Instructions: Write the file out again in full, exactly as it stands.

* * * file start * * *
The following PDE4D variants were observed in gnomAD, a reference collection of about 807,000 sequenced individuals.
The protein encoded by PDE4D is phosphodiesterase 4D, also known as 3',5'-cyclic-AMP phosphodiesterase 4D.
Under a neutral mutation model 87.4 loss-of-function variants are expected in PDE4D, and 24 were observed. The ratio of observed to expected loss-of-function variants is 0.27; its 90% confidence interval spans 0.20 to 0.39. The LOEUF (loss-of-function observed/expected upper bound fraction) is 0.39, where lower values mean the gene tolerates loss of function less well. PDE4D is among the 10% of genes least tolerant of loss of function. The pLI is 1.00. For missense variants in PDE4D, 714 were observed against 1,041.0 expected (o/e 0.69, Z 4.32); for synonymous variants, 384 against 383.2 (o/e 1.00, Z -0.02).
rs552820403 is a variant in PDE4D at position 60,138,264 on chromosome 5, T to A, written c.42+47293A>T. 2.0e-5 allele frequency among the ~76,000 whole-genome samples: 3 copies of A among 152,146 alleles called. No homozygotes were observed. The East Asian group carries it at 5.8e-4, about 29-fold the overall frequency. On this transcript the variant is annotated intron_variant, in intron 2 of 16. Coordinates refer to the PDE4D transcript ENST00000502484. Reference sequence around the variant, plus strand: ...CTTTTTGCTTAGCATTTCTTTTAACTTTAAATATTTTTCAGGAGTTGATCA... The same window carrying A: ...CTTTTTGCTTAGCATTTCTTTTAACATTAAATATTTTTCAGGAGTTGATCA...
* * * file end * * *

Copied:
The following PDE4D variants were observed in gnomAD, a reference collection of about 807,000 sequenced individuals.
The protein encoded by PDE4D is phosphodiesterase 4D, also known as 3',5'-cyclic-AMP phosphodiesterase 4D.
Under a neutral mutation model 87.4 loss-of-function variants are expected in PDE4D, and 24 were observed. The ratio of observed to expected loss-of-function variants is 0.27; its 90% confidence interval spans 0.20 to 0.39. The LOEUF (loss-of-function observed/expected upper bound fraction) is 0.39, where lower values mean the gene tolerates loss of function less well. PDE4D is among the 10% of genes least tolerant of loss of function. The pLI is 1.00. For missense variants in PDE4D, 714 were observed against 1,041.0 expected (o/e 0.69, Z 4.32); for synonymous variants, 384 against 383.2 (o/e 1.00, Z -0.02).
rs552820403 is a variant in PDE4D at position 60,138,264 on chromosome 5, T to A, written c.42+47293A>T. 2.0e-5 allele frequency among the ~76,000 whole-genome samples: 3 copies of A among 152,146 alleles called. No homozygotes were observed. The East Asian group carries it at 5.8e-4, about 29-fold the overall frequency. On this transcript the variant is annotated intron_variant, in intron 2 of 16. Coordinates refer to the PDE4D transcript ENST00000502484. Reference sequence around the variant, plus strand: ...CTTTTTGCTTAGCATTTCTTTTAACTTTAAATATTTTTCAGGAGTTGATCA... The same window carrying A: ...CTTTTTGCTTAGCATTTCTTTTAACATTAAATATTTTTCAGGAGTTGATCA...